In Denis Johnson’s epic novel Tree of Smoke (2007), a densely plotted existential Conradian thriller set in Vietnam and elsewhere in S.E. Asia from 1963 to the present day, a character with the wonderful name of Carignan goes to wash in a river in Mindanao in the Philippines:
‘wearing his zoris and underclothes’
I didn’t know what a zori was, so looked it up; this is what the OED entry says:
Japanese, < sō grass, (rice) straw + ri footwear, sole
With pl. concord. Japanese thonged sandals with straw (or leather, wood, etc.) soles.
The first citation dates from 1823 (from a book about Japan); the most recent is from 1984 (a text from the British Judo Association’s Coaching Award Scheme: ‘Zori (flip-flops) are compulsory wear at BJA events…’
From J-Life website where we’re told that the pair illustrated are made from ‘real igusa grass’ and called Tatami/Zori…which led me to check out
Tatami. OED: 1. A rush-covered straw mat which is the usual floor-covering in Japan and the size of which (approx. six feet by three feet) functions as a standard unit in room measurement. (Citations begin 1614; the most recent is: ‘1981 G. MacBeth Kind of Treason ix. 92 He relaxed on the tatami and spoke with polite approval of the cousin’s tsuba.’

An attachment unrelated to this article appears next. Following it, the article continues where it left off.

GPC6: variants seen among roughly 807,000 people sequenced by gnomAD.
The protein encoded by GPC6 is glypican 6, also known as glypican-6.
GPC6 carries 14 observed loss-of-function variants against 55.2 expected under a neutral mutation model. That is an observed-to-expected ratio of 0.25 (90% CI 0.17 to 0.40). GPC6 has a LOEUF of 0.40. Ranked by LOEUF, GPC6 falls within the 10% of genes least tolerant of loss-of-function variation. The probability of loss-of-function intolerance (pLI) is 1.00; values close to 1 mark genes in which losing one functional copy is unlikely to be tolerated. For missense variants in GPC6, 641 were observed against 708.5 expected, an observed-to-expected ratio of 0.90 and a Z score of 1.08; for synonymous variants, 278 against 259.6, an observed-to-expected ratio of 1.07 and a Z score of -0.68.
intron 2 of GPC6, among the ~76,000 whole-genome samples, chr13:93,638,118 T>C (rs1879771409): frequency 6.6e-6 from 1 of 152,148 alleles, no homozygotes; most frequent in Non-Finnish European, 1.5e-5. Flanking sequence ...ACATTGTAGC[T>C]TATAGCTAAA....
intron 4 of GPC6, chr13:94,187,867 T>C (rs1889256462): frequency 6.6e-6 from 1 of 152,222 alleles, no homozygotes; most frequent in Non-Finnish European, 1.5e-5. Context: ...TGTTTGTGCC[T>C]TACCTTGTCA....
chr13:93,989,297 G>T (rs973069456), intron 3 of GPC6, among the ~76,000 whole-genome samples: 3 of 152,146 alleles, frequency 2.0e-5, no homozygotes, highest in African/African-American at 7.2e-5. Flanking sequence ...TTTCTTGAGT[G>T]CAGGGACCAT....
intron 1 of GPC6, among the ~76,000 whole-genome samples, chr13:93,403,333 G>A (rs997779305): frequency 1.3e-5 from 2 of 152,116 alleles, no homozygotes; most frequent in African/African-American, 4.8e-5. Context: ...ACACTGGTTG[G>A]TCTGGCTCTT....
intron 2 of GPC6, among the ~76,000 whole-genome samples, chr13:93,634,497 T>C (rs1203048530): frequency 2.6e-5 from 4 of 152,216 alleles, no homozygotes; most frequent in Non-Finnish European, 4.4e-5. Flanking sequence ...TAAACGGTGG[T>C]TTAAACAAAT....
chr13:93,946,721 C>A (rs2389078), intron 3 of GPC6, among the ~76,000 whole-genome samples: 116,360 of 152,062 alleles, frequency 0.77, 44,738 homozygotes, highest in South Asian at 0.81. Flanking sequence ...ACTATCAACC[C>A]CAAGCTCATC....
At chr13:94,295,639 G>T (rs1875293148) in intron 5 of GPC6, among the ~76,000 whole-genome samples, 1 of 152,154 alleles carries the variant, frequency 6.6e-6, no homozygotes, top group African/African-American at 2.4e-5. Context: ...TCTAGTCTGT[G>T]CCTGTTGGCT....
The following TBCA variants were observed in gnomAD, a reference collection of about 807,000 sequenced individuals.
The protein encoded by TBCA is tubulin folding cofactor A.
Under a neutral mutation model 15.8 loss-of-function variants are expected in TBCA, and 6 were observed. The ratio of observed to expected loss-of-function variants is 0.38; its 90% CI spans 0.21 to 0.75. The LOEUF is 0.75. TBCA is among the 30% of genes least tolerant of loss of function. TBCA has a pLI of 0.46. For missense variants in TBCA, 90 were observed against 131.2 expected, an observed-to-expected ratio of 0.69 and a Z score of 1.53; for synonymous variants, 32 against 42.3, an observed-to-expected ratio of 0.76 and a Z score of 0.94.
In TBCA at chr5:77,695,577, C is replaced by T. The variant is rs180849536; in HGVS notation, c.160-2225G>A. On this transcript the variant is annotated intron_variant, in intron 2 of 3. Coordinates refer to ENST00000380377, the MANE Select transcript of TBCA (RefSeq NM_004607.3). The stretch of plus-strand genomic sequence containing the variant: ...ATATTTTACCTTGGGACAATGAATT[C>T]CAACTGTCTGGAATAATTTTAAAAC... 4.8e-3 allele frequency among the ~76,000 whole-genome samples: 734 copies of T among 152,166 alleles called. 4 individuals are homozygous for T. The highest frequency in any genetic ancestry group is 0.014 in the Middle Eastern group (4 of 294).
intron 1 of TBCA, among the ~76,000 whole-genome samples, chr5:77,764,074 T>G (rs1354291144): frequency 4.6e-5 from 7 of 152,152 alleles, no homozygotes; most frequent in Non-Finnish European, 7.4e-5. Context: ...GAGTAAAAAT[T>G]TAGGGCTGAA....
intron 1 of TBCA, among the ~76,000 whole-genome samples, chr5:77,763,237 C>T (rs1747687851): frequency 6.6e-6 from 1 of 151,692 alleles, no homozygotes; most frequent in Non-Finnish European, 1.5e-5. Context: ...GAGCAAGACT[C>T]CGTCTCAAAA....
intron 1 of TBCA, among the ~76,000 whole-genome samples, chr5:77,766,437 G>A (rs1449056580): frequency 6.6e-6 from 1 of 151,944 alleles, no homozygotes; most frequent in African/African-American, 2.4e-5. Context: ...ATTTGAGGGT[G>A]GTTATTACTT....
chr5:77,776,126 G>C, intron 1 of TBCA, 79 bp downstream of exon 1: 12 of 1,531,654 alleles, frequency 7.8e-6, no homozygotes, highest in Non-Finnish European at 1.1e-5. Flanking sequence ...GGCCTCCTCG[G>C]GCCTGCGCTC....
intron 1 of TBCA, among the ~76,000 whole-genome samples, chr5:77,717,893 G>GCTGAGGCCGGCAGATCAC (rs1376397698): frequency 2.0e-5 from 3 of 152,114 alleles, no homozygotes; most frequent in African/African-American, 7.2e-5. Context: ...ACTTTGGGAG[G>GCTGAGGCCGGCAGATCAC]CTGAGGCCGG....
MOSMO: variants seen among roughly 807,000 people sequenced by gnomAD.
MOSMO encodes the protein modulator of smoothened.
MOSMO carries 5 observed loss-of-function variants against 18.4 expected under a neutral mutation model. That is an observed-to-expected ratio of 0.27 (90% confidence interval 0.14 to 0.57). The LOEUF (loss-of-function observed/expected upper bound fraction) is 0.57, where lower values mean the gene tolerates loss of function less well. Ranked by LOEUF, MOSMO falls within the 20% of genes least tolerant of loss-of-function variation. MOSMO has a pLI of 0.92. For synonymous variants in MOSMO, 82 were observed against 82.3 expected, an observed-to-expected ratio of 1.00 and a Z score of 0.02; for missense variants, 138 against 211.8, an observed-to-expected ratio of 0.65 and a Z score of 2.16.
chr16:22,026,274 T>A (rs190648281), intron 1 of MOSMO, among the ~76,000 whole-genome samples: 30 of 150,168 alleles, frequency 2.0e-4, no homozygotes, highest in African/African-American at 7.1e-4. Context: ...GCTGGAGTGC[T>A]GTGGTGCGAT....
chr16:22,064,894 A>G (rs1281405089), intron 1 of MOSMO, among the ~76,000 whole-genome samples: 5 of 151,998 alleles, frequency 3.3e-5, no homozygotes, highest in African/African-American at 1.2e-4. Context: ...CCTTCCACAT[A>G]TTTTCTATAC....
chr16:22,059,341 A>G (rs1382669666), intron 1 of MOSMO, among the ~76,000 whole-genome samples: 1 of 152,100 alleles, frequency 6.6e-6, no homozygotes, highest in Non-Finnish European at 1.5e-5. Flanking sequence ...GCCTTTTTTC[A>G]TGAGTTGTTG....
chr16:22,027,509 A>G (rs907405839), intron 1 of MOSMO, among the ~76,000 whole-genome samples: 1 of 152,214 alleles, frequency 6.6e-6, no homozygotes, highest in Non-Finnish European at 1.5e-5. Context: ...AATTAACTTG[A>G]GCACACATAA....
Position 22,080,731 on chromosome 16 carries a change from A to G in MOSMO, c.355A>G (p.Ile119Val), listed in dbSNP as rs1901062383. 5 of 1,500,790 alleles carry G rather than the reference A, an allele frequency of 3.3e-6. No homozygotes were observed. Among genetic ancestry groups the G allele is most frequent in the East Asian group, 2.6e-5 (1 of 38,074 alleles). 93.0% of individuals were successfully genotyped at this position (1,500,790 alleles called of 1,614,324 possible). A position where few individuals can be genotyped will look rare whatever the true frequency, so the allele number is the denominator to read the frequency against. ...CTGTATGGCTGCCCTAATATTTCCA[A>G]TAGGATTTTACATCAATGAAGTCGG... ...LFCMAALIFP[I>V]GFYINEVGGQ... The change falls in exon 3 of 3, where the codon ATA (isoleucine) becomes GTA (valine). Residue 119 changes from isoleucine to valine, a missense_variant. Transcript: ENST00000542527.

Tatami was originally a luxury mat used mostly by Japanese nobility. As their aristocratic houses were mainly wooden, Tatami was highly prized as floor cover and for seating. As the architectural style of homes developed, Tatami became more widely popular with the general public. It’s valued for its texture, unique elasticity, and has excellent moisture absorbing and discharging functions, achieved by weaving in the natural rush grass, igusa.
‘A recent study has found that the scent of Igusa as an effect aromatherapy. We would like not only Japanese but people throughout the world to try our Tatami that has such excellent features. Igusa-mono was developed as a new stylish Tatami blended into overseas living spaces…’ (From the website igusa-mono.com)
If you’ve read anything else on this blog you’ll know I’m fascinated by words, so naturally I looked at unfamiliar words nearby in my Chambers dictionary; this is what I came across:
ZYGODACTYL/OUS: ‘with toes arranged in pairs, two facing forwards and two backwards…eg woodpeckers’ (adj. and n.)
A pair of GSWs often visits my birdfeeder in the garden: they’re very fond of peanuts. Handsome birds, but very shy – they hide behind tree trunks if they think they’re being watched.